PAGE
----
Microsoft has made a major rewrite of their Azure Quantum Development Kit (QDK) to make it 100X faster, 100X smaller, and able to run in a browser. The new version has just been released as the Azure Quantum Development Kit 1.0. The key change driving the improvements is that the internal code base was converted to the Rust programming language known for its higher efficiency in runtime and memory usage. It also includes a new of new or improved features such as full IntelliSense support which is a code completion aid that makes coding more convenient, built-in quantum simulation and debugging, integrating many of the capabilities of the Resource Estimator into the QDK, an providing refine Python packages and Jupyter notebook support. There are a few incompatibilities in this new QDK, which Microsoft is calling their “Modern QDK” versus the earlier one, which Microsoft now calls their “Classic QDK”. So users who had projects in the previous QDK will need to make some minor changes to convert to the new QDK.

Additional information about Microsoft’s new Azure Quantum Development Kit 1.0 release can be found in a blog post announcing it here, an article that provides detail on what’s new in the QDK is here, a page with installation instructions here, and another blog article that goes into the features and internal design in greater depth here.

The biggest changes in the Azure Quantum Resource Estimator is that Microsoft has now made it open sourced and its functionality has been integrated with the Azure QDK mentioned above. This should make it easier and faster for users of the new Azure QDK to try out. The Resource Estimator is specifically oriented for exploring how well quantum algorithms will run on various fault tolerant quantum machines. A user will need to input key parameters such as qubit parameters, quantum error correction schema, T-state distillation parameters, etc. and the program will make an estimate of the number of qubits required and the overall runtime. If a user doesn’t want to enter in their own parameters, Microsoft has available six pre-defined sets of parameters that cover superconducting, ion trap, and Majorana based qubit technology. These parameters are, of course, critical for estimating performance, but its not clear how easy it will be to estimate the parameters accurately. New quantum processors with different characteristics are constantly being released on a regular basis and there also could be high variations from vendor-to-vendor even when both vendors are using the same modality. But the estimator should still be useful for an end user to get a rough feel for what type of machine will be needed to support that algorithm they are developing.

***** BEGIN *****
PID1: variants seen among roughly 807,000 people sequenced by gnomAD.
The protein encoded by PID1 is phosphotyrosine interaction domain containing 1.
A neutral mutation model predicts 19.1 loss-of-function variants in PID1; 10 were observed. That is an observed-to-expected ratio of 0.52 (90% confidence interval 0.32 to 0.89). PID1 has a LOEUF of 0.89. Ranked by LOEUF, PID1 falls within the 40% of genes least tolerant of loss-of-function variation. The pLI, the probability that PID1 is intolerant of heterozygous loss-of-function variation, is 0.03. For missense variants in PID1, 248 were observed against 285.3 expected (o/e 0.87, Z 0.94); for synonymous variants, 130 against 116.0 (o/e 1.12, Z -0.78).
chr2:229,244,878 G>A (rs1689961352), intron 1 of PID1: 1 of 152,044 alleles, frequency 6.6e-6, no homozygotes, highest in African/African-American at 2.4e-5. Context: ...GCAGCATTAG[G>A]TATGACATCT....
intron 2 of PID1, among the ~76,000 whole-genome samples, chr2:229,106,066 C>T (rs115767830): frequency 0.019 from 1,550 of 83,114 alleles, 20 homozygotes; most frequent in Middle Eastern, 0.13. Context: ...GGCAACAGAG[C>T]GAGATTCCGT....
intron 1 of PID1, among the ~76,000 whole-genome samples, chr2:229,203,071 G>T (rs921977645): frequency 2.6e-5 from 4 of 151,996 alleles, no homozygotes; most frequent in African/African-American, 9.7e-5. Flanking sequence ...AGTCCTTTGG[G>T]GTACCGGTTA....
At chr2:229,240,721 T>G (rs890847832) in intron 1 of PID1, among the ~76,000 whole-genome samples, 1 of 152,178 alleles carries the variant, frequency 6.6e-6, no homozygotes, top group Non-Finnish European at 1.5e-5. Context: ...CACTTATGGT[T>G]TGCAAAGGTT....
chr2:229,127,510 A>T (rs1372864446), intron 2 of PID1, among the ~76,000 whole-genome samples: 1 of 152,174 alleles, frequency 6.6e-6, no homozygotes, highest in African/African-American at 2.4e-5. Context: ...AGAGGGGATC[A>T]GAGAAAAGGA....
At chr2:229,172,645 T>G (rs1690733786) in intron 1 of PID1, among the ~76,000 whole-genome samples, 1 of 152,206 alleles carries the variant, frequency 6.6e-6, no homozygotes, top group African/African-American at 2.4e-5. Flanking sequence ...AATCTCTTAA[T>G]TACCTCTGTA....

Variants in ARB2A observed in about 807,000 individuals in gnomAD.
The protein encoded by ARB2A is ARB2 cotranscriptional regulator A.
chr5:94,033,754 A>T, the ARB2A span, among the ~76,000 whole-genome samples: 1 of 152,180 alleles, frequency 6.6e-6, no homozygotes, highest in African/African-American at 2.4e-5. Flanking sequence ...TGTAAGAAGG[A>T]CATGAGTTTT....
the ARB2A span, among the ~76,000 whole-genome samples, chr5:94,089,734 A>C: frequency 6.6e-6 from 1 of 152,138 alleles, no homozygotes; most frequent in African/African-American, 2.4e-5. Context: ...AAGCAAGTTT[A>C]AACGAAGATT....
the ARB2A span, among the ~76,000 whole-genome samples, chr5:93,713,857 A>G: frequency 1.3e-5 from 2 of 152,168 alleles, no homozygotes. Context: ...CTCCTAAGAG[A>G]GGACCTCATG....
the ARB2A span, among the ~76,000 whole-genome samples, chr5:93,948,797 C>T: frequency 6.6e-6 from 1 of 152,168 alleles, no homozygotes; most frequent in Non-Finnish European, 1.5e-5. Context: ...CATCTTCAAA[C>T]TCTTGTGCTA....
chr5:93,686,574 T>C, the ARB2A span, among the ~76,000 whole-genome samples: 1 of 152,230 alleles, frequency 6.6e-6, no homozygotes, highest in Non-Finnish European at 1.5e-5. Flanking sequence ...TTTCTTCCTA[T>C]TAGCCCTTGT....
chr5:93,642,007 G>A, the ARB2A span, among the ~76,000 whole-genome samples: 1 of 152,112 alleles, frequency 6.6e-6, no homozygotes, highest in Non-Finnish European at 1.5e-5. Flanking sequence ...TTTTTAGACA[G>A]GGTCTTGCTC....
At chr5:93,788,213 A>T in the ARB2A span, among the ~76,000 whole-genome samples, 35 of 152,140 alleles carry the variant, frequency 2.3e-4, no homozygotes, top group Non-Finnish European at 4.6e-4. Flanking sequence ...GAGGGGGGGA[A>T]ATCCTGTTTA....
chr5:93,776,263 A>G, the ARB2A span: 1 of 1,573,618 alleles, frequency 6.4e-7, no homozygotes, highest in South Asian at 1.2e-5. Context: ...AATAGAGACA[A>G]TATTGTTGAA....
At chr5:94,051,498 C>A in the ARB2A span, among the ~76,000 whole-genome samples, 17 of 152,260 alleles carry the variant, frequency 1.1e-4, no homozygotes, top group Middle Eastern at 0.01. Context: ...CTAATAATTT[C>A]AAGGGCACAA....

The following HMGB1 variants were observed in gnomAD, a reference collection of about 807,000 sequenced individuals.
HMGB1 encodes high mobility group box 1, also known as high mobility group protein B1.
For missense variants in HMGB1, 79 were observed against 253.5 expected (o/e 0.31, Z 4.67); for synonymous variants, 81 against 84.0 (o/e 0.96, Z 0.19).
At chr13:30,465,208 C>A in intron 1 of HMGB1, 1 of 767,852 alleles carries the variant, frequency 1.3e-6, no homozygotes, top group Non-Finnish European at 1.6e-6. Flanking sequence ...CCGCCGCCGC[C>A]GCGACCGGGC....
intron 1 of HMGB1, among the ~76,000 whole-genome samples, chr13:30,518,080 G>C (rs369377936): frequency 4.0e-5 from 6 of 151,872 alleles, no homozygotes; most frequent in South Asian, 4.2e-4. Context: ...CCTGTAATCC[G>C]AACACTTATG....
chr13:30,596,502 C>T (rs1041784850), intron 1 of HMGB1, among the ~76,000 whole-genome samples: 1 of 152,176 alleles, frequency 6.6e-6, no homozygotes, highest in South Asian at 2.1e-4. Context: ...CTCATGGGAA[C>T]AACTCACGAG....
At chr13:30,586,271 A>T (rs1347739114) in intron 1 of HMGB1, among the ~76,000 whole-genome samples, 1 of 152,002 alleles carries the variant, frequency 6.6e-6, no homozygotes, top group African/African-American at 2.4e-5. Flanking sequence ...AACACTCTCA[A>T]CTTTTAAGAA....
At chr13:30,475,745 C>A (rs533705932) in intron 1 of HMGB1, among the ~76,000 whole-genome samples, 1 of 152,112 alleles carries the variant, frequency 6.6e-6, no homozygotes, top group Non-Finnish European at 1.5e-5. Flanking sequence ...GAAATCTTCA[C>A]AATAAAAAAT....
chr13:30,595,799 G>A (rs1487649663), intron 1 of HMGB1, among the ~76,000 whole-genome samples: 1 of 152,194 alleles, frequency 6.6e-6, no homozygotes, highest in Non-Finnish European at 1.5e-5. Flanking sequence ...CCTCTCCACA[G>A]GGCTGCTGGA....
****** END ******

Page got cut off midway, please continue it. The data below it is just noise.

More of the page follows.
A blog post from Microsoft announcing the updated Resource Estimate can be viewed here and another post that provides users with additional details on how to customize the target parameters of the resource estimator is available here.

January 20, 2024